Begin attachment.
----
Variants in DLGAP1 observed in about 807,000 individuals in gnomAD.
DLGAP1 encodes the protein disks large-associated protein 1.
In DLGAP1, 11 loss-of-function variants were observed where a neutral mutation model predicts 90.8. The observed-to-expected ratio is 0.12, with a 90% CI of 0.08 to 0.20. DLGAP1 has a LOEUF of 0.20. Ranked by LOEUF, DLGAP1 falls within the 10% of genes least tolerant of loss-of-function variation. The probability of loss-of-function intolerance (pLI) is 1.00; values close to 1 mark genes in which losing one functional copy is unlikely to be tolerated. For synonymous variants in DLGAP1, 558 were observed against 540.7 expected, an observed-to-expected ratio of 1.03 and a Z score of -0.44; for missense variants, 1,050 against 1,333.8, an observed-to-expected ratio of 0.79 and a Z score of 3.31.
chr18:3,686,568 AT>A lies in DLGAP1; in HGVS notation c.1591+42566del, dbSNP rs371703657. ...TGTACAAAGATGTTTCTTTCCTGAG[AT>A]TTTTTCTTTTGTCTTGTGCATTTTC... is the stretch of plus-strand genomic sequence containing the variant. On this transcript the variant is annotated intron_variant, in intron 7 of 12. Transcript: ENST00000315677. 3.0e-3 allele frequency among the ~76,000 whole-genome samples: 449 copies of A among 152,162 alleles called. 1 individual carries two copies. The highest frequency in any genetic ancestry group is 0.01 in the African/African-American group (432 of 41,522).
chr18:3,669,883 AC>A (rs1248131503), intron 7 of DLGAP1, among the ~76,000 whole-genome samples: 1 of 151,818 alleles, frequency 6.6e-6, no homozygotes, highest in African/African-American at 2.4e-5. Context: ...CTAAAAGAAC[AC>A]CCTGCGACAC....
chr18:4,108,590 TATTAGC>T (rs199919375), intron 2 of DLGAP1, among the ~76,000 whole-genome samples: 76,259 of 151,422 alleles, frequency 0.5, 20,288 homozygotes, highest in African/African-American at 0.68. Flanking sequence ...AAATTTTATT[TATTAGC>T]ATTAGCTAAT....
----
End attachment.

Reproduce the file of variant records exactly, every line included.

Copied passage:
Variants in DLGAP1 observed in about 807,000 individuals in gnomAD.
DLGAP1 encodes the protein disks large-associated protein 1.
In DLGAP1, 11 loss-of-function variants were observed where a neutral mutation model predicts 90.8. The observed-to-expected ratio is 0.12, with a 90% CI of 0.08 to 0.20. DLGAP1 has a LOEUF of 0.20. Ranked by LOEUF, DLGAP1 falls within the 10% of genes least tolerant of loss-of-function variation. The probability of loss-of-function intolerance (pLI) is 1.00; values close to 1 mark genes in which losing one functional copy is unlikely to be tolerated. For synonymous variants in DLGAP1, 558 were observed against 540.7 expected, an observed-to-expected ratio of 1.03 and a Z score of -0.44; for missense variants, 1,050 against 1,333.8, an observed-to-expected ratio of 0.79 and a Z score of 3.31.
chr18:3,686,568 AT>A lies in DLGAP1; in HGVS notation c.1591+42566del, dbSNP rs371703657. ...TGTACAAAGATGTTTCTTTCCTGAG[AT>A]TTTTTCTTTTGTCTTGTGCATTTTC... is the stretch of plus-strand genomic sequence containing the variant. On this transcript the variant is annotated intron_variant, in intron 7 of 12. Transcript: ENST00000315677. 3.0e-3 allele frequency among the ~76,000 whole-genome samples: 449 copies of A among 152,162 alleles called. 1 individual carries two copies. The highest frequency in any genetic ancestry group is 0.01 in the African/African-American group (432 of 41,522).
chr18:3,669,883 AC>A (rs1248131503), intron 7 of DLGAP1, among the ~76,000 whole-genome samples: 1 of 151,818 alleles, frequency 6.6e-6, no homozygotes, highest in African/African-American at 2.4e-5. Context: ...CTAAAAGAAC[AC>A]CCTGCGACAC....
chr18:4,108,590 TATTAGC>T (rs199919375), intron 2 of DLGAP1, among the ~76,000 whole-genome samples: 76,259 of 151,422 alleles, frequency 0.5, 20,288 homozygotes, highest in African/African-American at 0.68. Flanking sequence ...AAATTTTATT[TATTAGC>T]ATTAGCTAAT....